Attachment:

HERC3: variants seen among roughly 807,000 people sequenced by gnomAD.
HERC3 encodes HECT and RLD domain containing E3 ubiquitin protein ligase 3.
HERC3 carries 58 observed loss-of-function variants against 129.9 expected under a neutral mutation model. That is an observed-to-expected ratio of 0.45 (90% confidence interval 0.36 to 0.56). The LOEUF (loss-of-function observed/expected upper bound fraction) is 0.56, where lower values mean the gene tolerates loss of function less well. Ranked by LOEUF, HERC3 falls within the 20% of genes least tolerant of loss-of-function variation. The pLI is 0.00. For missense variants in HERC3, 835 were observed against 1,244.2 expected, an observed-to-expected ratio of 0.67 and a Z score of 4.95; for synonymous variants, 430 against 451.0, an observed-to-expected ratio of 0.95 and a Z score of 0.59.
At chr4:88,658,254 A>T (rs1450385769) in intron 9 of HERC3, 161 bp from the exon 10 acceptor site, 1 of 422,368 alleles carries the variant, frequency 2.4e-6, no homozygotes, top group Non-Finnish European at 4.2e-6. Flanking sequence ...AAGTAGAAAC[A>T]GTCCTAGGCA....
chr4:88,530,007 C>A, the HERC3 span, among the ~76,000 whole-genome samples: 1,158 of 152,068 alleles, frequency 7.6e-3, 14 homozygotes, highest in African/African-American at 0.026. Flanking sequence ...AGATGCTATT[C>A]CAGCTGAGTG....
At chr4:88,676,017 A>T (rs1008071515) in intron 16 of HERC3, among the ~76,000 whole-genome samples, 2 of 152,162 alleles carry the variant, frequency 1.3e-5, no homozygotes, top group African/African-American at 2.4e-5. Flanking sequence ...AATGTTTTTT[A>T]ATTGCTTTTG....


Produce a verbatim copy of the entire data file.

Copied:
HERC3: variants seen among roughly 807,000 people sequenced by gnomAD.
HERC3 encodes HECT and RLD domain containing E3 ubiquitin protein ligase 3.
HERC3 carries 58 observed loss-of-function variants against 129.9 expected under a neutral mutation model. That is an observed-to-expected ratio of 0.45 (90% confidence interval 0.36 to 0.56). The LOEUF (loss-of-function observed/expected upper bound fraction) is 0.56, where lower values mean the gene tolerates loss of function less well. Ranked by LOEUF, HERC3 falls within the 20% of genes least tolerant of loss-of-function variation. The pLI is 0.00. For missense variants in HERC3, 835 were observed against 1,244.2 expected, an observed-to-expected ratio of 0.67 and a Z score of 4.95; for synonymous variants, 430 against 451.0, an observed-to-expected ratio of 0.95 and a Z score of 0.59.
At chr4:88,658,254 A>T (rs1450385769) in intron 9 of HERC3, 161 bp from the exon 10 acceptor site, 1 of 422,368 alleles carries the variant, frequency 2.4e-6, no homozygotes, top group Non-Finnish European at 4.2e-6. Flanking sequence ...AAGTAGAAAC[A>T]GTCCTAGGCA....
chr4:88,530,007 C>A, the HERC3 span, among the ~76,000 whole-genome samples: 1,158 of 152,068 alleles, frequency 7.6e-3, 14 homozygotes, highest in African/African-American at 0.026. Flanking sequence ...AGATGCTATT[C>A]CAGCTGAGTG....
At chr4:88,676,017 A>T (rs1008071515) in intron 16 of HERC3, among the ~76,000 whole-genome samples, 2 of 152,162 alleles carry the variant, frequency 1.3e-5, no homozygotes, top group African/African-American at 2.4e-5. Flanking sequence ...AATGTTTTTT[A>T]ATTGCTTTTG....